Next, let's get to configuring EIGRP for IPv6. By default,
IPv6 routing protocols (all of them?) are EIGRP for IPv6 is shut down like Ethernet interfaces, so we'll have to enable it first.
Router(config)#ipv6 router eigrp 100
There's also the issue of the router ID. In IPv4, EIGRP has an method to figure out its router ID, and EIGRP for IPv6 uses that same method. The problem is that the router ID is still a 32-bit number, but there aren't any 32-bit address on the router if you're pure IPv6. A dilemma, eh? There are two way to get around this, though. First, you can set a loopback interface with an IPv4 address so that EIGRP will have an address to use.
Router(config-if)#ip address 192.0.2.1 255.255.255.255
You can also statically assign a router ID to EIGRP for IPv6.
Router(config)#ipv6 router eigrp 100
Either method gets the same result. Of course, you should be careful that all routers have a unique ID.
So now we need to add some network statements, right? Actually, there are no network statements in EIGRP for IPv6. The interfaces themselves are where you configure the networks to be included in the routing protocol. It's kinda like the way you can use the interfaces to configure OSPFv2.
Router(config-if)#ipv6 eigrp 100
Of course, we're assuming you already have an IPv6 address on f0/0.
Checking our Work
Let's check to see if everything is working the way we think it should be. First of all, let's make sure all our interfaces are participating as expected with the show ipv6 eigrp interface command.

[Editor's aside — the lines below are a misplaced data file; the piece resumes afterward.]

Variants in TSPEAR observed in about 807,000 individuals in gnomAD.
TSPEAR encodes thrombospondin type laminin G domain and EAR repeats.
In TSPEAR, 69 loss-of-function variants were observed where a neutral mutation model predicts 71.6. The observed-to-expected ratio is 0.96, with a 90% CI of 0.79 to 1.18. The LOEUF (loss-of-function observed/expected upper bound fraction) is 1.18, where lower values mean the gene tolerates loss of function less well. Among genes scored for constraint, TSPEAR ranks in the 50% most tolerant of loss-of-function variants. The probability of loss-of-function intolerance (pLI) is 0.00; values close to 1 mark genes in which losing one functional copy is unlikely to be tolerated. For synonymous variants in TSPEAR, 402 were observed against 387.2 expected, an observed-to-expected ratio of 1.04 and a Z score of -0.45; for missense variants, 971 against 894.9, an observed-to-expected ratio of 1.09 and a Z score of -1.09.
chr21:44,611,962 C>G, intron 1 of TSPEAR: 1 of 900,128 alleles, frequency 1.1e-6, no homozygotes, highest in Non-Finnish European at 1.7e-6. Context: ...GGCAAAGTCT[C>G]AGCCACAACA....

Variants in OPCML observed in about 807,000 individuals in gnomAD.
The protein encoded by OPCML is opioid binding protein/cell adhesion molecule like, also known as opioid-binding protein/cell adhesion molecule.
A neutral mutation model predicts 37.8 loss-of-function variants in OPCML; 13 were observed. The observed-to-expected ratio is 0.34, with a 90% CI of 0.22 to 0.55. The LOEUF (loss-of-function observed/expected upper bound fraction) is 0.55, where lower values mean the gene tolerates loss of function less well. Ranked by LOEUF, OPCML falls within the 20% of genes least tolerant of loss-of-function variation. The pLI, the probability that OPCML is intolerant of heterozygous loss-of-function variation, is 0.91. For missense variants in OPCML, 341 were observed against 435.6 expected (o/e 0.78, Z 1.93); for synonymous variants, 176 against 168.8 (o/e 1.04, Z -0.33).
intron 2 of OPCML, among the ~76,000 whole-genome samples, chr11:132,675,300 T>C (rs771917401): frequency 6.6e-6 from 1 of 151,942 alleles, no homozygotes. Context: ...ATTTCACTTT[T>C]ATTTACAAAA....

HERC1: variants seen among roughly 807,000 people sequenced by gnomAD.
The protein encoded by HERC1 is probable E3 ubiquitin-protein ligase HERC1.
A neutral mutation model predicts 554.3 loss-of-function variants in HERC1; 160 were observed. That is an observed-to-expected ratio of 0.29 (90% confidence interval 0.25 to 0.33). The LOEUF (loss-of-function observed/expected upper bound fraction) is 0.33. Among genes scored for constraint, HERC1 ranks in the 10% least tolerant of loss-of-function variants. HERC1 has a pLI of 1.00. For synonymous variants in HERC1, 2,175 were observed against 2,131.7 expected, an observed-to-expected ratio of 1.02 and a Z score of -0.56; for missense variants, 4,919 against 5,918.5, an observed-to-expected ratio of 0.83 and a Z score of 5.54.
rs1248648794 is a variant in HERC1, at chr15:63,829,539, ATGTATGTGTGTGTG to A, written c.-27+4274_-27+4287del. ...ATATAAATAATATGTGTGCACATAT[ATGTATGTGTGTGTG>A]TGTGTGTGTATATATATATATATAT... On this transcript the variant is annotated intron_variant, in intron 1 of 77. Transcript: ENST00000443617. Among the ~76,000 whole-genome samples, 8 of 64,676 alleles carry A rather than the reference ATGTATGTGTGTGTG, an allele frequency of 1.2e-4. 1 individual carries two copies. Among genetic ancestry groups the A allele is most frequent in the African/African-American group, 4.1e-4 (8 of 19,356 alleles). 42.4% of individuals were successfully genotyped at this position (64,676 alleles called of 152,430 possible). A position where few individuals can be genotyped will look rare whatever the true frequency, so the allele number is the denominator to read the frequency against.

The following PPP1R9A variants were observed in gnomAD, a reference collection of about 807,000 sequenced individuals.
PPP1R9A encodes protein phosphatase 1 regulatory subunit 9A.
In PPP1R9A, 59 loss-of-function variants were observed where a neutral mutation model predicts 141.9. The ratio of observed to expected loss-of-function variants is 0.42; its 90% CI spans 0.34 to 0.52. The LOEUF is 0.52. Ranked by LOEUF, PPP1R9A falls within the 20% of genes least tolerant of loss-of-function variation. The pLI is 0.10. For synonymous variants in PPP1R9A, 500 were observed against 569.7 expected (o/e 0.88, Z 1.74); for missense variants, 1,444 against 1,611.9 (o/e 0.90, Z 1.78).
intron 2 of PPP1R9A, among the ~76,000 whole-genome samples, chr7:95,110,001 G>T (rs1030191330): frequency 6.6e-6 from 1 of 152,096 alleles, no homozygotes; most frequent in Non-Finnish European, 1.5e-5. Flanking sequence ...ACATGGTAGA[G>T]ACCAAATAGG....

Router#sh ipv6 eigrp interfaces IPv6-EIGRP interfaces for process 100 Xmit Queue Mean Pacing Time Multicast Pending Interface Peers Un/Reliable SRTT Un/Reliable Flow Timer Routes Fa0/0 0 0/0 0 0/1 0 0 Fa0/1 1 0/0 23 0/2 50 0
This output looks a lot like the IPv6 version, and we can see both f0/0 and 0/1 are participating. That looks right, so let's check for EIGRP neighbors with the show ipv6 eigrp neighbor. I've got another router off of f0/1, so we should see a neighbor adjacency.
Router#sh ipv6 eigrp neighbors IPv6-EIGRP neighbors for process 100 H Address Interface Hold Uptime SRTT RTO Q Seq (sec) (ms) Cnt Num 0 Link-local address: Fa0/1 13 00:02:40 23 200 0 11 FE80::C001:14FF:FEB0:1
What the heck is FE80::C001:14FF:FEB0:1??!?!?! That's not a network we configured! That's actually the link-local address of the other router off of f0/1. Perhaps I'll discuss IPv6 addressing some day (when I have a firmer grasp on it), but, for now, I'll just say that it's a special address for hosts to talk to one another on a local network.
Finally, let's check for routes.
R1#show ipv6 route eigrp IPv6 Routing Table - 6 entries ... D 2002::/64 [90/307200] via FE80::C001:14FF:FEB0:1, FastEthernet0/1
Just like in IPv4, EIGRP for IPv6 routes show up with the route code of "D". It's looks like we have one route to the 2002::/64 network. Everything seems to be working!
There are obviously a lot of more features and functions to EIGRP for IPv6, but this should get you started in your studies. I'm sure I'll expound as time and my CCIE studies progress.
6to4 tunnels questions my way.
I was exploring commands on the ASA a while back and discovered that you can run commands on the standby unit from the active. Read the rest of this entry »